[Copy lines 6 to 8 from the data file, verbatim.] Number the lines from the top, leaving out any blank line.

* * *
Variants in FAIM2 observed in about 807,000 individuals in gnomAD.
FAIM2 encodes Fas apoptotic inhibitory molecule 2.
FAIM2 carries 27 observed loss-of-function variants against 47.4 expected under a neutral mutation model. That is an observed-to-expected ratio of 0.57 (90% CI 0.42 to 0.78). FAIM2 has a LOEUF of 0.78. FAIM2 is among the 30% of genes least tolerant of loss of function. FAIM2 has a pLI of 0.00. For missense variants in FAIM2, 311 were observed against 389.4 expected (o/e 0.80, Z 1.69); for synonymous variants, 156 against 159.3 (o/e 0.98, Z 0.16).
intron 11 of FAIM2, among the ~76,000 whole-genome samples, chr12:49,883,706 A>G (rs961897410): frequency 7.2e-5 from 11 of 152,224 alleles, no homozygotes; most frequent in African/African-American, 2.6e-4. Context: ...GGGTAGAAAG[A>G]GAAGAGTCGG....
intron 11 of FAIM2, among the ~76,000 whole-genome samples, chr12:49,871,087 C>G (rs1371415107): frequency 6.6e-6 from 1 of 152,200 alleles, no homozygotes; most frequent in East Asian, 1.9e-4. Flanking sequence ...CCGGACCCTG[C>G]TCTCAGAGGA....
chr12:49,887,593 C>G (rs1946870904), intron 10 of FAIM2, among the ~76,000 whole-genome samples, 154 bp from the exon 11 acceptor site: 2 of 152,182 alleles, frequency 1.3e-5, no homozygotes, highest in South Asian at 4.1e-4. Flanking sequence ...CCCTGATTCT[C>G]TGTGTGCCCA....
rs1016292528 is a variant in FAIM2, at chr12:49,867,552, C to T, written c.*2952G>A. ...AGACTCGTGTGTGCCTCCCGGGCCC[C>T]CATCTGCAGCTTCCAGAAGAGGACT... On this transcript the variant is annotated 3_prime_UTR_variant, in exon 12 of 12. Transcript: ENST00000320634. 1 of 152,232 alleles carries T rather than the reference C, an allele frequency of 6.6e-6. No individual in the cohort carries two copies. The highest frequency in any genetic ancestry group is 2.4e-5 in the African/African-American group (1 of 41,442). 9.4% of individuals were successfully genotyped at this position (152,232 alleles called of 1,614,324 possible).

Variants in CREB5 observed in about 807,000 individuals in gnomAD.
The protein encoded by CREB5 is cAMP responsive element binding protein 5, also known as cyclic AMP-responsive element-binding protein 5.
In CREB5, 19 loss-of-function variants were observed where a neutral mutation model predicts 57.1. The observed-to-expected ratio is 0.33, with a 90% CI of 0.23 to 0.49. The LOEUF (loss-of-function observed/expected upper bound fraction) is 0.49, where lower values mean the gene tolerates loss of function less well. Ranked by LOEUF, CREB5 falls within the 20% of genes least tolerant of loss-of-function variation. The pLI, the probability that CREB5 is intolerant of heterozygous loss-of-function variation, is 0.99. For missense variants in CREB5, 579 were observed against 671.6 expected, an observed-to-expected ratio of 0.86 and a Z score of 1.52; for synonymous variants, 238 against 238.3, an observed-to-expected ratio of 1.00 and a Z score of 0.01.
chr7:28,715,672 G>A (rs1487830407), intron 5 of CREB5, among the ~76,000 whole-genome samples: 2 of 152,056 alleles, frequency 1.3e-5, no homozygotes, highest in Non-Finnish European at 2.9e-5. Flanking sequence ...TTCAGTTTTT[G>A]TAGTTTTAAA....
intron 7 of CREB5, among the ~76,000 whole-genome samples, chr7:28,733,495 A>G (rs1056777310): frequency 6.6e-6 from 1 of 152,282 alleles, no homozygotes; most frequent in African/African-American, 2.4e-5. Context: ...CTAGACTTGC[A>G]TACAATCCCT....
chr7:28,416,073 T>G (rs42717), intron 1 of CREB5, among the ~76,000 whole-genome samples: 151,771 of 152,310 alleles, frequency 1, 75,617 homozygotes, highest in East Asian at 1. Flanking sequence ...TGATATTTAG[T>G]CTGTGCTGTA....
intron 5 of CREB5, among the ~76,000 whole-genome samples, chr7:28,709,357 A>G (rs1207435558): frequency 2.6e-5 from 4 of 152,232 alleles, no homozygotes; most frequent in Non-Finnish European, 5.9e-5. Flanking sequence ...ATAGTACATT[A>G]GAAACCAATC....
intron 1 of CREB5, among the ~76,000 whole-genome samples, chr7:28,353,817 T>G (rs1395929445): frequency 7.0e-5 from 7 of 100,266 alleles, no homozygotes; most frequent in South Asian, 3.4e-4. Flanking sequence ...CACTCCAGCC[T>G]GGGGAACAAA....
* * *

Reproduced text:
chr12:49,887,593 C>G (rs1946870904), intron 10 of FAIM2, among the ~76,000 whole-genome samples, 154 bp from the exon 11 acceptor site: 2 of 152,182 alleles, frequency 1.3e-5, no homozygotes, highest in South Asian at 4.1e-4. Flanking sequence ...CCCTGATTCT[C>G]TGTGTGCCCA....
rs1016292528 is a variant in FAIM2, at chr12:49,867,552, C to T, written c.*2952G>A. ...AGACTCGTGTGTGCCTCCCGGGCCC[C>T]CATCTGCAGCTTCCAGAAGAGGACT... On this transcript the variant is annotated 3_prime_UTR_variant, in exon 12 of 12. Transcript: ENST00000320634. 1 of 152,232 alleles carries T rather than the reference C, an allele frequency of 6.6e-6. No individual in the cohort carries two copies. The highest frequency in any genetic ancestry group is 2.4e-5 in the African/African-American group (1 of 41,442). 9.4% of individuals were successfully genotyped at this position (152,232 alleles called of 1,614,324 possible).

Variants in CREB5 observed in about 807,000 individuals in gnomAD.